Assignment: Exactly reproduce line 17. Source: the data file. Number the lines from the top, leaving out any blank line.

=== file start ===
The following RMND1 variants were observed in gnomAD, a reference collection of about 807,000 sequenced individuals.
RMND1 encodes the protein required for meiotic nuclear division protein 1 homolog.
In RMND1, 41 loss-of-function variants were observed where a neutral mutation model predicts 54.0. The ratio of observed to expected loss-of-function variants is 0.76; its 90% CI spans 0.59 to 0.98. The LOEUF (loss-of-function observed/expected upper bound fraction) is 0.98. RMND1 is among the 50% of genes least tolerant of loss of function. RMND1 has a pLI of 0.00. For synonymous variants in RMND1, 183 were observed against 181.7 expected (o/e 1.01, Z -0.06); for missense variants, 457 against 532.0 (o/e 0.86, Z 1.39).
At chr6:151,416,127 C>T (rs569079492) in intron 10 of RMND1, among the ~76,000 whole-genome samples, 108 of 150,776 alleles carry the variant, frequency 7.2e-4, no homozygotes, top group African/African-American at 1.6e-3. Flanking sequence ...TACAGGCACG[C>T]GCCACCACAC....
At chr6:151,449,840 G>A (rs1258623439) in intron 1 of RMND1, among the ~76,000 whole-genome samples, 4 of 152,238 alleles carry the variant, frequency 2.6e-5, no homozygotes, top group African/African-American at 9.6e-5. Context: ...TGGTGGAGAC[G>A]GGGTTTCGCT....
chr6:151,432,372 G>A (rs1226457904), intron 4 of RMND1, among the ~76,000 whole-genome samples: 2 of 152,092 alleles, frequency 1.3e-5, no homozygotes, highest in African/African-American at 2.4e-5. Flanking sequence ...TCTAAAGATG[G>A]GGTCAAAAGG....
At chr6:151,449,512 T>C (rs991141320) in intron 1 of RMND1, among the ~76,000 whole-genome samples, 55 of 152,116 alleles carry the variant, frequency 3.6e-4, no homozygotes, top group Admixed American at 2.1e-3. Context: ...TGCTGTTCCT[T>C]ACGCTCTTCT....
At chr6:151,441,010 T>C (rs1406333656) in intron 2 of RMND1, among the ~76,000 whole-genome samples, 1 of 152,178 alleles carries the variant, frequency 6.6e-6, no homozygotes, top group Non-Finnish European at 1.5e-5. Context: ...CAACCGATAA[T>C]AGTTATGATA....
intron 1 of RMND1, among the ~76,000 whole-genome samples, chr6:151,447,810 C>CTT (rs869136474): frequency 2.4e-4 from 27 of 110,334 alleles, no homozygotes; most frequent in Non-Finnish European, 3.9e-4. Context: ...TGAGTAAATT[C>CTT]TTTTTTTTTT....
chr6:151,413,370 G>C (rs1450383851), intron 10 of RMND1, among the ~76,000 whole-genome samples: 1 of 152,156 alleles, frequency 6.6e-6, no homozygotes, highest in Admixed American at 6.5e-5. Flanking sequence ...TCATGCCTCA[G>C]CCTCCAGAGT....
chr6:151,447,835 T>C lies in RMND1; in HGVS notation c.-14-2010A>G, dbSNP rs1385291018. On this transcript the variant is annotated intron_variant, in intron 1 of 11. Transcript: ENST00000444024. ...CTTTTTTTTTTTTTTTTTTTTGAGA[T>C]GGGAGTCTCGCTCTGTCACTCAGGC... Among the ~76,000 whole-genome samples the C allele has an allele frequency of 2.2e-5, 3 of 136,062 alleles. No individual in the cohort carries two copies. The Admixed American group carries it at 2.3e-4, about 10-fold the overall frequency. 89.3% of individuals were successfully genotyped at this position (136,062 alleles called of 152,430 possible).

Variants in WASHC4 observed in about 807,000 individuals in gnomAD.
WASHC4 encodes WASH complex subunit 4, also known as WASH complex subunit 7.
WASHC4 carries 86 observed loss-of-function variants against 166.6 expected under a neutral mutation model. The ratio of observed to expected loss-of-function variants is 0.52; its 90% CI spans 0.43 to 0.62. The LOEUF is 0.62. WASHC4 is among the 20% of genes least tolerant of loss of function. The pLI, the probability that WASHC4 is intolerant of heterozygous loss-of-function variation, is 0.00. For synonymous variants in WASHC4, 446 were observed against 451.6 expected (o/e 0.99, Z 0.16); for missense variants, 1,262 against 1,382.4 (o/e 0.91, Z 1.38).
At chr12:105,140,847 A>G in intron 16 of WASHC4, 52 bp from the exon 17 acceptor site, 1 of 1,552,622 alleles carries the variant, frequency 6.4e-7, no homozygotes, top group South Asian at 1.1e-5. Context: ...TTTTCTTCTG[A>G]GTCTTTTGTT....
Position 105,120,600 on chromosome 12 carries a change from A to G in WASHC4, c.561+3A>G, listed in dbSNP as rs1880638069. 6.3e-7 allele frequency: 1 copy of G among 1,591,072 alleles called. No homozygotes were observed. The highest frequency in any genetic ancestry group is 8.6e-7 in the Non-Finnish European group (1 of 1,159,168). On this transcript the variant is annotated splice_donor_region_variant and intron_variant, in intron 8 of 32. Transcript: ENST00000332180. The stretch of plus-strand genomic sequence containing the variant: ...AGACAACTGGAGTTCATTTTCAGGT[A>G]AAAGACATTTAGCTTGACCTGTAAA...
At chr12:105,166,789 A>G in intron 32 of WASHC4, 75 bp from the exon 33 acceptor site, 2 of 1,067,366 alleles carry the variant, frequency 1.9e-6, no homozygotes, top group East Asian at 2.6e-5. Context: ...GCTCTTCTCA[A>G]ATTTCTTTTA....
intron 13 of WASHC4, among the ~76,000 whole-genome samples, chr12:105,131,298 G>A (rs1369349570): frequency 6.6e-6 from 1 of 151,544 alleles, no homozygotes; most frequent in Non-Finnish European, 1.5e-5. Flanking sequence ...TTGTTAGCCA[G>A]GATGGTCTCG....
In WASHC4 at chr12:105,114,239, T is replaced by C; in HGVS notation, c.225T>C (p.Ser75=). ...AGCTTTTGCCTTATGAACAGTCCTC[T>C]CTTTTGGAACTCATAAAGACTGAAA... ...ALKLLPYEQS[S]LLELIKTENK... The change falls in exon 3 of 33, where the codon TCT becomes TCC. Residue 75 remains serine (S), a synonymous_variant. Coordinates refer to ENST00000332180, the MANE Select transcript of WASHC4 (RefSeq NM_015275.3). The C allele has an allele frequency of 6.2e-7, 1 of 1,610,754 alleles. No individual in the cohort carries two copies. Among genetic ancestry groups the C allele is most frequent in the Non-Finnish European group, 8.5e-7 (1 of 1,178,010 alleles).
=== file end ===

At chr12:105,166,789 A>G in intron 32 of WASHC4, 75 bp from the exon 33 acceptor site, 2 of 1,067,366 alleles carry the variant, frequency 1.9e-6, no homozygotes, top group East Asian at 2.6e-5. Context: ...GCTCTTCTCA[A>G]ATTTCTTTTA....